Bente Birkeland and Grace Hood at Colorado Public Radio offer another preview of the big fight on the near horizon in the Colorado General Assembly–meaningfully tightening regulations on the oil and gas industry after years of intra-Democratic gridlock on the issue under the previous administration:
All parties in the debate were locked in a holding pattern under former Gov. John Hickenlooper, but Gov. Jared Polis is expected to take a different approach. Some Democrats want 2019 to be the year that significantly changes the regulation of oil and gas companies.
There’s more than activists or oil and gas companies with their eyes on the state capitol. The Front Range cities of Lafayette, Superior and Erie have all enacted drilling moratoriums to wait and see what rules the legislature adopts in 2019…
Democrats will have a difficult needle to thread on oil and gas issues, that’s why they say they’re taking their time before unveiling legislation.
“Our bills now have a fighting chance, we have to make sure that we do it right,” said Democratic Sen. Mike Foote of Lafayette. He has pushed for tougher regulations in previous years, and is one of the handful of lawmakers involved in negotiations this session. “In the past, the oil and gas bills that I introduced, were introduced for a specific reason. I thought that they faced uphill battles, and in fact they did, but we still had to push the issue forward.”
CPR reports that the final legislation is coming together now, and is expected to take the form of one large bill covering a variety of subjects from giving local communities more direct control in drilling decisions to legislatively undoing the recent Colorado Supreme Court decision that controversially declared public health and safety subordinate to the “fostering” of oil and gas resource development as prescribed by existing law.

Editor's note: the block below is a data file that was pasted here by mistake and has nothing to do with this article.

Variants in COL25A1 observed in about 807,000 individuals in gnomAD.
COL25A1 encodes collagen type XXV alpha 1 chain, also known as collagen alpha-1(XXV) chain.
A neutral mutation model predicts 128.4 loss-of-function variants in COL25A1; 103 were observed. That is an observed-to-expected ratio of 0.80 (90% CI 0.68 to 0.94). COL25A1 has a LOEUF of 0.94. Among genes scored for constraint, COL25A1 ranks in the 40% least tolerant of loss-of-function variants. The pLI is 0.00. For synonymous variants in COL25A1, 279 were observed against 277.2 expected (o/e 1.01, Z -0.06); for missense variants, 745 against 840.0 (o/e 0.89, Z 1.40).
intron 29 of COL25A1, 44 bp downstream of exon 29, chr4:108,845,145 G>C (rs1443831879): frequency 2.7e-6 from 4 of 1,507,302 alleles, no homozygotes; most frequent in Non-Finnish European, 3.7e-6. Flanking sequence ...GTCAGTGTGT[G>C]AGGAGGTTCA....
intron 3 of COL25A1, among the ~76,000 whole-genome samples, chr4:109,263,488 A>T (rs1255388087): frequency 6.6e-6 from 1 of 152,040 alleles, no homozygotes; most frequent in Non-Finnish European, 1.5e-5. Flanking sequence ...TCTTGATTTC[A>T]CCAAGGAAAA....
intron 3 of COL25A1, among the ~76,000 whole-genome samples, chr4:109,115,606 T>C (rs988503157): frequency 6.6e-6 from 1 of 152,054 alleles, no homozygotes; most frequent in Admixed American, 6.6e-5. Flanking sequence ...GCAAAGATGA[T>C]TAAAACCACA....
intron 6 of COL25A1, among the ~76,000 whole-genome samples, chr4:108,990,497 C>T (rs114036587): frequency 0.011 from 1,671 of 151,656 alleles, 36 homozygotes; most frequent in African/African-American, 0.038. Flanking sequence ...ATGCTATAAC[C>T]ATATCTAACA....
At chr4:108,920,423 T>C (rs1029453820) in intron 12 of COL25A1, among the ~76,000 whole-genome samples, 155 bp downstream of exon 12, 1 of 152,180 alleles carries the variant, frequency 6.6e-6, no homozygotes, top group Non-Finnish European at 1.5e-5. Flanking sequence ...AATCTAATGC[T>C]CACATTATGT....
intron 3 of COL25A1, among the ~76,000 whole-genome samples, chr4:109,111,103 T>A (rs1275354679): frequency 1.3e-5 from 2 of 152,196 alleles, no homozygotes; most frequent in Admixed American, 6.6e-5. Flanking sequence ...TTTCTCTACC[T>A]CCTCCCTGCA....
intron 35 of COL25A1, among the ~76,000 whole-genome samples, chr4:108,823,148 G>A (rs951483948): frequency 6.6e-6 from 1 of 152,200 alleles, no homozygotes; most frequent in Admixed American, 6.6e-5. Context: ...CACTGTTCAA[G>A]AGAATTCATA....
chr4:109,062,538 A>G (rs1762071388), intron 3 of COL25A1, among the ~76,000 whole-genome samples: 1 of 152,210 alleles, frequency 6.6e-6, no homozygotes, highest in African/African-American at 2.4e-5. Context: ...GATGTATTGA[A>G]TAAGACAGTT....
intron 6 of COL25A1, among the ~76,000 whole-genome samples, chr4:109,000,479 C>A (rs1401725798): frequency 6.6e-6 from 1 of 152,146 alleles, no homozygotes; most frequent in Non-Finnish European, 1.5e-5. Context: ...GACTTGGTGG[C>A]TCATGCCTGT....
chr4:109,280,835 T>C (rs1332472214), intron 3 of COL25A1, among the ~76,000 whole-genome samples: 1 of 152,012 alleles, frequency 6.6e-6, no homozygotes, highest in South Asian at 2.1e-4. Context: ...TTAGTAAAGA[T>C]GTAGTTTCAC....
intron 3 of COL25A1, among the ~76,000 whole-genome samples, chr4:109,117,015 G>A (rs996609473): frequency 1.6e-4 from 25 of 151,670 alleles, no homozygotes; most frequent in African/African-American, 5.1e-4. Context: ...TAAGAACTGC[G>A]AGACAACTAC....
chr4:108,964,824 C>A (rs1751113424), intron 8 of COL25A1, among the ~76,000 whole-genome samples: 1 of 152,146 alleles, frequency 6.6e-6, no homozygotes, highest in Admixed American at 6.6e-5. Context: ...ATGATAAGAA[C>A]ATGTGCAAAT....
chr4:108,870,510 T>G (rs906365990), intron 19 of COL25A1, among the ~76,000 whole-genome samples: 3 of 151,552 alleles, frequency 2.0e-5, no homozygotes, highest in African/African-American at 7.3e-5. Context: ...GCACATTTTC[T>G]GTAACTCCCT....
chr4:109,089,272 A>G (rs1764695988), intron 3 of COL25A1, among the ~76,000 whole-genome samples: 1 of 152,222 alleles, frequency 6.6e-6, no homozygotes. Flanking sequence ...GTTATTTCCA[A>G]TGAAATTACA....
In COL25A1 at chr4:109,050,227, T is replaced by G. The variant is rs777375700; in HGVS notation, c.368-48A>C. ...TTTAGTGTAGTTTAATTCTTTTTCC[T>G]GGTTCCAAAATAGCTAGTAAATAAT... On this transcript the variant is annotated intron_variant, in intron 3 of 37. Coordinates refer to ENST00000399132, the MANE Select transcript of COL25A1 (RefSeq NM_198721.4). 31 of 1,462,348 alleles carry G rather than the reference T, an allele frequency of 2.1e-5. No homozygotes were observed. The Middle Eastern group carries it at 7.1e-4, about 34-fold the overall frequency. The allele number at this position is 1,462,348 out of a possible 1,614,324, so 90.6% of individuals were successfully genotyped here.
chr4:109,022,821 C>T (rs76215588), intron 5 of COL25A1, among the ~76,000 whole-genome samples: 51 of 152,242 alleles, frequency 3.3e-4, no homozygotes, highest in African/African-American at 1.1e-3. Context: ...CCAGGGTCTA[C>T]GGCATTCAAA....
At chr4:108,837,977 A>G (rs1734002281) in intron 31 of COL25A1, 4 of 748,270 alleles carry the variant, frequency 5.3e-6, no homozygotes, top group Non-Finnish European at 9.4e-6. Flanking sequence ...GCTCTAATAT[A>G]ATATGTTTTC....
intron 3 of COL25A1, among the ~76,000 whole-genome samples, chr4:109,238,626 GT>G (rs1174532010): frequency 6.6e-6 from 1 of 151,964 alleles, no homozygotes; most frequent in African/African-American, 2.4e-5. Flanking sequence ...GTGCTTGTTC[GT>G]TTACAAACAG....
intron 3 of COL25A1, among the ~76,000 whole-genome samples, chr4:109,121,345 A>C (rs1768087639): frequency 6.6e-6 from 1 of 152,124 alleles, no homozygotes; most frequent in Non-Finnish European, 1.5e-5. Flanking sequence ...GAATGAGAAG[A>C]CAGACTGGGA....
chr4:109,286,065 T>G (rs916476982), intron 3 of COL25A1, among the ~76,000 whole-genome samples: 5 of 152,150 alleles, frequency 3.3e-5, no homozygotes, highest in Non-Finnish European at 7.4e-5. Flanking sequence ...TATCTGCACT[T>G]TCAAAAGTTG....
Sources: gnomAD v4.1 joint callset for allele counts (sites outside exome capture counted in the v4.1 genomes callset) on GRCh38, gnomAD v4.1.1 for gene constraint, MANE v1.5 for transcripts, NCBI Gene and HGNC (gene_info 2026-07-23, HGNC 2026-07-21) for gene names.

The extremely high stakes in this debate, coupled with the changed political climate at the state capitol, makes this issue by orders of magnitude the biggest issue of the 2019 legislative session that nobody is talking about in public yet. Whatever the final form this bill takes, we fully expect Republicans and the oil and gas industry to freak out as hard as they possibly can, firing off the usual warnings of a million billion jobs lost and the entire population of Colorado freezing to death.
Somewhere between the industry’s absurd hyperbole and the very real status quo of the state valuing promotion of an industry over public health, you’ll find the legislative sweet spot Democrats need to land on. And as much as the oil and gas industry wants to kill this whole effort, base Democrats and independent voters who are passionate about energy policy and climate change–and who swept Democrats into power last year–expect results.